Holcim Group Services Ltd
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Holcim has secured two investments from the European Union (EU) Innovation Fund for its breakthrough Carbon Capture Utilization and Storage projects in Germany and Poland. Both projects feature scalable technologies to put Holcim at the forefront of Europe’s decarbonization. These programs are part of Holcim’s net-zero roadmap, validated by the Science Based Targets initiative, including its objective to operate at least one net-zero cement plant by 2030.
The EU will support Carbon2Business, which is part of Westküste 100 project in Germany, where carbon captured from Holcim’s Lägerdorf plant will be turned into synthetic fuel for the mobility sector and as feedstock for the chemical industry. The EU is also supporting Holcim's Go4ECOPlanet project in Poland, which aims to create an end-to-end CCS chain starting from CO2 capture from its site in Kujawy to offshore storage in the North Sea, with the vision to be a net-zero plant by 2027. Both projects aim to develop highly replicable carbon capture solutions to drive the decarbonization of the building sector. They are part of Holcim’s portfolio of over 30 Carbon Capture Utilization and Storage projects around the world.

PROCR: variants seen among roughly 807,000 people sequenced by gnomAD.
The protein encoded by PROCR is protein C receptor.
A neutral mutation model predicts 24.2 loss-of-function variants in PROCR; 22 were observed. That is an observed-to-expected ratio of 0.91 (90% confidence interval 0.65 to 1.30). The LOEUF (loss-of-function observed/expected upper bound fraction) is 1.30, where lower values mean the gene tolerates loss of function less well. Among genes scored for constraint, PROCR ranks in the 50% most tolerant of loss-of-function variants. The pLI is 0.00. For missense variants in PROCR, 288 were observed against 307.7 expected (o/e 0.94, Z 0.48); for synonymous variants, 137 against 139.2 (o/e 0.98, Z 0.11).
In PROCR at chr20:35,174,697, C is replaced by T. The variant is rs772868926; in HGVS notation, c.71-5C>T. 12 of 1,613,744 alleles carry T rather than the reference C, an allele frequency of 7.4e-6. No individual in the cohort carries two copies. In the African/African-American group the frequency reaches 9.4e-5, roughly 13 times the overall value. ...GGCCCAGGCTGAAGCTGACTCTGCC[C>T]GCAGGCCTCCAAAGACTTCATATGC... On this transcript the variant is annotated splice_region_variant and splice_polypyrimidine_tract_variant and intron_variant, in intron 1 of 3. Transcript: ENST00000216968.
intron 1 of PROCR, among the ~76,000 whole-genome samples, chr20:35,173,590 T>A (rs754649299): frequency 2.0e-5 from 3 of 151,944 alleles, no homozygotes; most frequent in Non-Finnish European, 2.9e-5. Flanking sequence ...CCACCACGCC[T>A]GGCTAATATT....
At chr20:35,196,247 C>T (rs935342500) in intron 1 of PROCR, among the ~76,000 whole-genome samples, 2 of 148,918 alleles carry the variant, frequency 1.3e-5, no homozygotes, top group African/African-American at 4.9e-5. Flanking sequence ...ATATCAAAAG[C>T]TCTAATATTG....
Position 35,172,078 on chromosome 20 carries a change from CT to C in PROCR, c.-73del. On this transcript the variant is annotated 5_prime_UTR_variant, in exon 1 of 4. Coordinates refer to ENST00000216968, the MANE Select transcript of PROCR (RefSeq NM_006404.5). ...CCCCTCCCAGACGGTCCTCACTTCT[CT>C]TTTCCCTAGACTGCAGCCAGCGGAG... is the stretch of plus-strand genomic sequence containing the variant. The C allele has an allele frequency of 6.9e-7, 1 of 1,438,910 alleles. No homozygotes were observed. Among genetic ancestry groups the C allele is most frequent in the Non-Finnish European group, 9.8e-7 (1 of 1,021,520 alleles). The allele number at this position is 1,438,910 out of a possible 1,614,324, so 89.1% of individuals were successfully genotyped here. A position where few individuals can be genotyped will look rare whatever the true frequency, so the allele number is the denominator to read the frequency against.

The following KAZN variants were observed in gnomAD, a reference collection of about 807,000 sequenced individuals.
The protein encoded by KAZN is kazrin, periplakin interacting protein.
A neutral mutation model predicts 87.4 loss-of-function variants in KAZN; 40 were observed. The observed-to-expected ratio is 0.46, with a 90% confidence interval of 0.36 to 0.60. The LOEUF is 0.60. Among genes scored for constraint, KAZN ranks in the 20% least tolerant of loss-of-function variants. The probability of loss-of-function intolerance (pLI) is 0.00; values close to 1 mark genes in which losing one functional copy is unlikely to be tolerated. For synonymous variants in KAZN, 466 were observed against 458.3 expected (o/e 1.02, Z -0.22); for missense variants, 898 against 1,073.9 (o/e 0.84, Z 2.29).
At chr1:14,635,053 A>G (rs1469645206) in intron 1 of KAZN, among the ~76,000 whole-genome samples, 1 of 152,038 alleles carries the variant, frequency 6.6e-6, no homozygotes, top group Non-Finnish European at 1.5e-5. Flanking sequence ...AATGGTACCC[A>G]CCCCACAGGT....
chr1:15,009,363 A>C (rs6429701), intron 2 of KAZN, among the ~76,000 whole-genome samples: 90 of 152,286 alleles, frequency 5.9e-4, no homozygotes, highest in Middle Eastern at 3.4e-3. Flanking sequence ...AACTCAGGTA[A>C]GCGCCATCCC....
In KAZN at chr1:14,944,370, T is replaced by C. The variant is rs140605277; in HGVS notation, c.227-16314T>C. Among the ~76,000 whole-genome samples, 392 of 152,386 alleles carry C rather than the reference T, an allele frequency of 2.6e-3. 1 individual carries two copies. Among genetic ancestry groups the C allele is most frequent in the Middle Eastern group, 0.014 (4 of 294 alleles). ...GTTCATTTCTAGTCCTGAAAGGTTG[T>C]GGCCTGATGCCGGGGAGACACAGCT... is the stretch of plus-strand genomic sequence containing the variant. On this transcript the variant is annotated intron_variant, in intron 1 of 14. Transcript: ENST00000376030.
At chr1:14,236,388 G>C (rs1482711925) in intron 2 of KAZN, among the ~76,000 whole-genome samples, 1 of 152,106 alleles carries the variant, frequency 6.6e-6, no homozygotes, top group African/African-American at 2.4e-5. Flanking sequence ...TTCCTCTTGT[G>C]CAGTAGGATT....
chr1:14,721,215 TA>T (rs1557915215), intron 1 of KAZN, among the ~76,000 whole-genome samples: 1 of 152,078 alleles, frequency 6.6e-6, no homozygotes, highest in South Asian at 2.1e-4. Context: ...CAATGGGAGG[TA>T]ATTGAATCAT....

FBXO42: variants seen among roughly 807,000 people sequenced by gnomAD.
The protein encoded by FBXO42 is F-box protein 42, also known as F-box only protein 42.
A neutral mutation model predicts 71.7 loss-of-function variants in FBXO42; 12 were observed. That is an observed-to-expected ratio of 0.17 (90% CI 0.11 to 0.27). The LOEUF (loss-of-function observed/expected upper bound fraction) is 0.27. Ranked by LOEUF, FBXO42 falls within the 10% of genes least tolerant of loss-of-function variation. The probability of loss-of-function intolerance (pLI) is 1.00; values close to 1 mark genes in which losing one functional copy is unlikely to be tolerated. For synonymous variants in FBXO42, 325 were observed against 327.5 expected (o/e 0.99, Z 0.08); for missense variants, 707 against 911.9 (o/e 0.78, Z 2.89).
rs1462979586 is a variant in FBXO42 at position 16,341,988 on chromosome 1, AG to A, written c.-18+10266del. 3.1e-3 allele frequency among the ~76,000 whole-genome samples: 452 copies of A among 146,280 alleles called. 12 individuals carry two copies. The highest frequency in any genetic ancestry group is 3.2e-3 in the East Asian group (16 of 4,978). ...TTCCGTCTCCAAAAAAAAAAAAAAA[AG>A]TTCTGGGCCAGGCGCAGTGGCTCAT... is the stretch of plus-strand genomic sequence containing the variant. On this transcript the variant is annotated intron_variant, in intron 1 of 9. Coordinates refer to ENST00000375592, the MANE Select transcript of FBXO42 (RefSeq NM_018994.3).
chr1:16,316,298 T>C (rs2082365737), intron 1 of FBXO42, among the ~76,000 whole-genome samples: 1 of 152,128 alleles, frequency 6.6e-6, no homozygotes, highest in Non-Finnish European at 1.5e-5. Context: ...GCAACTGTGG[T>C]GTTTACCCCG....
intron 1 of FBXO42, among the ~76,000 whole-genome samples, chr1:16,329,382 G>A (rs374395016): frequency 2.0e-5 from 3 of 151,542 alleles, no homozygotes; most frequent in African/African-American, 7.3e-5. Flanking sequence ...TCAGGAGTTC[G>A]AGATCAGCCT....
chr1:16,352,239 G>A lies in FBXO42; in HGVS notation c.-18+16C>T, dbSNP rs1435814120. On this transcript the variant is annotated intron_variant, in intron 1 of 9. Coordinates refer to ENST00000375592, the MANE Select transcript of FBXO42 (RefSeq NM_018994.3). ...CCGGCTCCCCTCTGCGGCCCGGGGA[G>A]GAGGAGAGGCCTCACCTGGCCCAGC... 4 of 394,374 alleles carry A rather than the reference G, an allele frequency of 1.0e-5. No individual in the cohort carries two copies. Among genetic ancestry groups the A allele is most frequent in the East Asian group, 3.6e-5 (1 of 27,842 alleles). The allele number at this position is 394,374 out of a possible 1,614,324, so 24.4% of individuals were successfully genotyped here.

Miljan Gutovic, Region Head Europe Middle East Africa: “Holcim is committed to leading our sector’s decarbonization. As the recipient of two grants to decarbonize cement, I am encouraged by this clear vote of confidence by the EU. I congratulate my teams for engineering such smart and scalable solutions and thank the EU for its shared interest in making them economically viable.”
Holcim offers its sector’s broadest range of low-carbon materials, from ECOPact green concrete to ECOPlanet green cement, offering 30% to 100% less CO2 emissions with no compromise in performance. These solutions are enabled by Holcim’s green product formulation expertise and use of innovative low emission raw materials, from calcined clay to construction & demolition waste. Holcim’s plants across the region currently operate with over 60% of eco-fuels, coming from the recycling of materials at the end of their lifecycle, from biomass to municipal waste. Its most advanced plants in this area are in Austria and the Czech Republic, operating with close to 100% eco-fuels.
The European Union Innovation Fund is one of the world's largest funding programs for innovative low-carbon technologies. This year, the Fund is granting more than EUR 1.8 billion to 17 large-scale projects contributing to a low-carbon society, out of a pool of 138 submissions.
Important disclaimer – forward-looking statements:
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